Don't be silly. Yes, it's accepted today that Athanasius himself probably didn't write the Creed that bears his name. It's named after him because he staunchly upheld what the Creed says.
----------
"A medieval account credited Athanasius of Alexandria, the famous defender of Nicene theology, as the author of the Creed. According to this account, Athanasius composed it during his exile in Rome...This traditional attribution of the Creed to Athanasius was first called into question in 1642...and it has since been widely accepted by modern scholars that the creed was not authored by Athanasius...Athanasius' name seems to have become attached to the creed as a sign of its strong declaration of Trinitarian faith."
http://en.wikipedia.org/wiki/Athanasian_Creed
__________
Why would that be a problem? We don't call the Apostles' Creed "the Apostles' Creed" because we think somebody named "Apostle" wrote it. We don't call the Nicene Creed "the Nicene Creed" because we think somebody called "Nicene" wrote it (it was developed by the Council of Nicaea under Constantine), and we don't call the Pledge of Allegiance the "Pledge of Allegiance" because we think somebody named Allegiance wrote it.
No one knows who wrote the thing...therefore, it cannot be said it is a teaching of Christ.

No matter who put the words together for the apostle's creed, to my knowledge, every word is found in the Bible...it is the teaching of Christ..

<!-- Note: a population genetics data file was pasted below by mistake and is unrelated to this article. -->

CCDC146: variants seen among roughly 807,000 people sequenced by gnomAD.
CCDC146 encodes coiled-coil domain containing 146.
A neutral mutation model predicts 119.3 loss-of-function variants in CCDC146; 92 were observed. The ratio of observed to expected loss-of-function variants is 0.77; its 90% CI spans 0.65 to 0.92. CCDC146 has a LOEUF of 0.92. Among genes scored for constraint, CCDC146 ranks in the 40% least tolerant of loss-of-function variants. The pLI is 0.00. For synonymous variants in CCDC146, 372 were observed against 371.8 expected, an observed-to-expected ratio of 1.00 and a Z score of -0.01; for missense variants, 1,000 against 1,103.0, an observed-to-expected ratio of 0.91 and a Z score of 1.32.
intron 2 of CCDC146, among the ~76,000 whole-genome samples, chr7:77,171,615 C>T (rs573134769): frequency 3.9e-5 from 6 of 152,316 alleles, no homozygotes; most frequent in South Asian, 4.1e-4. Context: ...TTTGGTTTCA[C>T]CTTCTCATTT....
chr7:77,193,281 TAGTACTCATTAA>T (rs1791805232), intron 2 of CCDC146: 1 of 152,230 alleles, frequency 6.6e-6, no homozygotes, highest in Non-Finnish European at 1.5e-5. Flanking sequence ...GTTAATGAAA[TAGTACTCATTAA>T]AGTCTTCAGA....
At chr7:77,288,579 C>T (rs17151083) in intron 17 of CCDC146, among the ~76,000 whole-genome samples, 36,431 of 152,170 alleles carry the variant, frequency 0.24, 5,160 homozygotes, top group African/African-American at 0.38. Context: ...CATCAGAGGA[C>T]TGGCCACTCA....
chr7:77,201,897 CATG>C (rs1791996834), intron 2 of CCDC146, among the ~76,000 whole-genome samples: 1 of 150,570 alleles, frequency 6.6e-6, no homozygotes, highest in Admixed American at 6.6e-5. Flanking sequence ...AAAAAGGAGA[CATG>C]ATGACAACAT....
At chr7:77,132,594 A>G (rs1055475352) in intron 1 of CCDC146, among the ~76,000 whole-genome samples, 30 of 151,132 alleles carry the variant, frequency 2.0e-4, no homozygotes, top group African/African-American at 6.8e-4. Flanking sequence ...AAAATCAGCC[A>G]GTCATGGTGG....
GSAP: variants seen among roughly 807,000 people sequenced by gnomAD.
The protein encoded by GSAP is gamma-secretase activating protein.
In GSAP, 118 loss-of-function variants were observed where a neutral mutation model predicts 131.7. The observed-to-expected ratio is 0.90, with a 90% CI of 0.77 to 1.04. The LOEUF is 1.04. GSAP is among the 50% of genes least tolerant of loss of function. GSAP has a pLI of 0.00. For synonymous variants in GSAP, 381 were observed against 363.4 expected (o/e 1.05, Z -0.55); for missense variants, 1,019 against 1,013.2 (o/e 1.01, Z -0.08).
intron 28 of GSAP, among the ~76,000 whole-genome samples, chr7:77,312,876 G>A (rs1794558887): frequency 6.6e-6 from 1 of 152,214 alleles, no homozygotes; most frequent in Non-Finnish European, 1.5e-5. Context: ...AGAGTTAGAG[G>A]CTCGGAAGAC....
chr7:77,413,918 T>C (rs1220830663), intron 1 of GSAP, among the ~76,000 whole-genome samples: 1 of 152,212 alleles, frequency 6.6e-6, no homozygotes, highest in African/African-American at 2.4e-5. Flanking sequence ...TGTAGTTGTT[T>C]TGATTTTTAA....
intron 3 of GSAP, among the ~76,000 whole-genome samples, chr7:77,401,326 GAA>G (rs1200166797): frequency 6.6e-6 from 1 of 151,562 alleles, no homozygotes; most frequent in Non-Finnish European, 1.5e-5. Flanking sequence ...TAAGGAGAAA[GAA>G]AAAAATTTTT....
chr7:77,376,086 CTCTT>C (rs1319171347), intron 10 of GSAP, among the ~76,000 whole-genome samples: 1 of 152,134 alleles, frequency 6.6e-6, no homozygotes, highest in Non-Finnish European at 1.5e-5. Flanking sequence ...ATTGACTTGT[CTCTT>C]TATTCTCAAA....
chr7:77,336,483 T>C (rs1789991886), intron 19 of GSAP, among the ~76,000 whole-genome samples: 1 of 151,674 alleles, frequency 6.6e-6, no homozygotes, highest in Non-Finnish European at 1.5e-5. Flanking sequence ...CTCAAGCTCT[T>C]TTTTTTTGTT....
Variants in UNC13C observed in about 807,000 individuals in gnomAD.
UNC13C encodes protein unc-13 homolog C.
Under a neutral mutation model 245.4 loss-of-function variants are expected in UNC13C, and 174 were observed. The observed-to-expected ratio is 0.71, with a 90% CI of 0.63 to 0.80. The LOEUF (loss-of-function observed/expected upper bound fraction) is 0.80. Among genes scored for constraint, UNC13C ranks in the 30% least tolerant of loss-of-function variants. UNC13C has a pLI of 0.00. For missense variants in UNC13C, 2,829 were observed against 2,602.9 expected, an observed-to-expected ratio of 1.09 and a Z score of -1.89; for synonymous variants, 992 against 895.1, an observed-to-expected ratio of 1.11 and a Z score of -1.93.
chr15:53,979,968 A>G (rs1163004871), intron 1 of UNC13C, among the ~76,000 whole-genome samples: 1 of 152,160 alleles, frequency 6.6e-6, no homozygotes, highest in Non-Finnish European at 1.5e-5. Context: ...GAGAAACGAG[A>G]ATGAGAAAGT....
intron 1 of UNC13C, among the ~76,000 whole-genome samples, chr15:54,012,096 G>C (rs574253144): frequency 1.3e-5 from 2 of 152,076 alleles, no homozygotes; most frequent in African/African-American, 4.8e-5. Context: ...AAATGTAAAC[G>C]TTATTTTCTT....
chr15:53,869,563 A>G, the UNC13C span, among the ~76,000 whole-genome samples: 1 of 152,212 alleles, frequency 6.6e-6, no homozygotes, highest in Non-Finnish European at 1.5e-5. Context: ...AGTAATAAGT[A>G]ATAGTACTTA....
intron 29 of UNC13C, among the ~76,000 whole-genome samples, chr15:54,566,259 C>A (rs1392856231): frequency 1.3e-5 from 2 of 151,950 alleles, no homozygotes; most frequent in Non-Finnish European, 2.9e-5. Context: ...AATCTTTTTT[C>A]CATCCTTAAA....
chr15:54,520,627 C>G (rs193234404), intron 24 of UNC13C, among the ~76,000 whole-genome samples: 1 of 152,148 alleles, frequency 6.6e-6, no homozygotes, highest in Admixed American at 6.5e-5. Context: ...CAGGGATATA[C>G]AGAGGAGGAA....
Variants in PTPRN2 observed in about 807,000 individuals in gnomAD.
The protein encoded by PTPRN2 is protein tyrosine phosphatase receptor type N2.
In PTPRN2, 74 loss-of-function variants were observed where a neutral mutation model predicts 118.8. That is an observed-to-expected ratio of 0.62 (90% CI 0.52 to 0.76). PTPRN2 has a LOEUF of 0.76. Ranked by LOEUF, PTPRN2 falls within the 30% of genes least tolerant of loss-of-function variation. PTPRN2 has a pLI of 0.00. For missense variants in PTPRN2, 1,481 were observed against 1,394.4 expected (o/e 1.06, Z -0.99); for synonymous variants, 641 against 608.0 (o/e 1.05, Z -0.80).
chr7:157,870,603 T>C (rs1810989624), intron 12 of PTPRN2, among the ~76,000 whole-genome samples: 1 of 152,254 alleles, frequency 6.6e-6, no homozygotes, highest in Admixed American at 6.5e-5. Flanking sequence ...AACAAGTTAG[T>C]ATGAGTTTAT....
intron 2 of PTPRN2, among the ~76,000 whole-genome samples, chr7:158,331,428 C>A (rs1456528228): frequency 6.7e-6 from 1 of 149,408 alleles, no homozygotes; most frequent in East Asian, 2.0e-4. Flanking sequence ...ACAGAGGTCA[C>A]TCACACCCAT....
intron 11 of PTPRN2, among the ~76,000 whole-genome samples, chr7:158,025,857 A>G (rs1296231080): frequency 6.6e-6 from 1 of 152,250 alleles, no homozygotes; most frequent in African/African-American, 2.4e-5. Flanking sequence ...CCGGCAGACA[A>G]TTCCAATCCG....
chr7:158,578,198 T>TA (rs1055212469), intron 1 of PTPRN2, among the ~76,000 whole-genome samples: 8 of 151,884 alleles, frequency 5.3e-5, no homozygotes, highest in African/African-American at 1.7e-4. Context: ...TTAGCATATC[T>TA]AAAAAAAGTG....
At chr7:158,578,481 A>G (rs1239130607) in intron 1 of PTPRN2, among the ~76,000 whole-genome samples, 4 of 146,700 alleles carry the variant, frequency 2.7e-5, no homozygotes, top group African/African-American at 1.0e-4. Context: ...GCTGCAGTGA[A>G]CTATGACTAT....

We know who put together the Nicene creed...we know who wrote the Pledge of Allegiance...

“ Ah see's lanlubbers Cap'n BT!”

Since: Oct 10

Location hidden

#452923 Jun 16, 2013
Anthony MN wrote:
<quoted text>
What a sucker.
Is that the best you have to offer as rebuttal?
Shows you are inept.

Since: Mar 10

Location hidden

#452924 Jun 16, 2013
Oxbow wrote:
<quoted text>
Maybe now...they have been known to ignore the Word of God...and change their teaching as it suits them..
The point here is, Anthony said, the Catholic church never sold indulgences...that has been proven a lie....over and over...
The Roman Catholic Church never sold indulgences because it was always illegal according to her teaching. It was only a few priests in Germany that sold indulgences. Just because you have a few priests in Germany who went against Catholic teaching does not indicate that they represent the entire Roman Catholic Church.

Every Catholic even during that time knows that if they want their sins forgiven, they go through the Sacrament of Reconciliation. The indulgence cannot forgive sins.
Anthony MN

Minneapolis, MN

#452925 Jun 16, 2013
Roberta G wrote:
<quoted text>
It was financed PARTLY by donations, yes. Fortunately for the peace of mind of millions of Christians then and now, financing it THROUGH EMOTIONAL BLACKMAIL failed.
Anthony, I happen to be glad that St. Peter's was built. Among other things, it's a very beautiful building, and is appropriately important to and symbolic of Christians worldwide. But you seem to be trying to whitewash a dark chapter in the history of the Roman Catholic Church. Denying that the RCC of the 16th century used unethical--unCHRISTIAN practices--to raise money, not just for building programs but for other things is just plain inaccurate. It is also defeatist, because when you attempt to rationalize the wrongs of the past, you call into question the trustworthiness of the Church today.
No question some in the hierarchy were corrupt, I freely admit that. Fundamentalists wrongly assert that corruption translates into false doctrine. I'm simply pointing out that while there were corrupt men, the Church never taught or condoned it.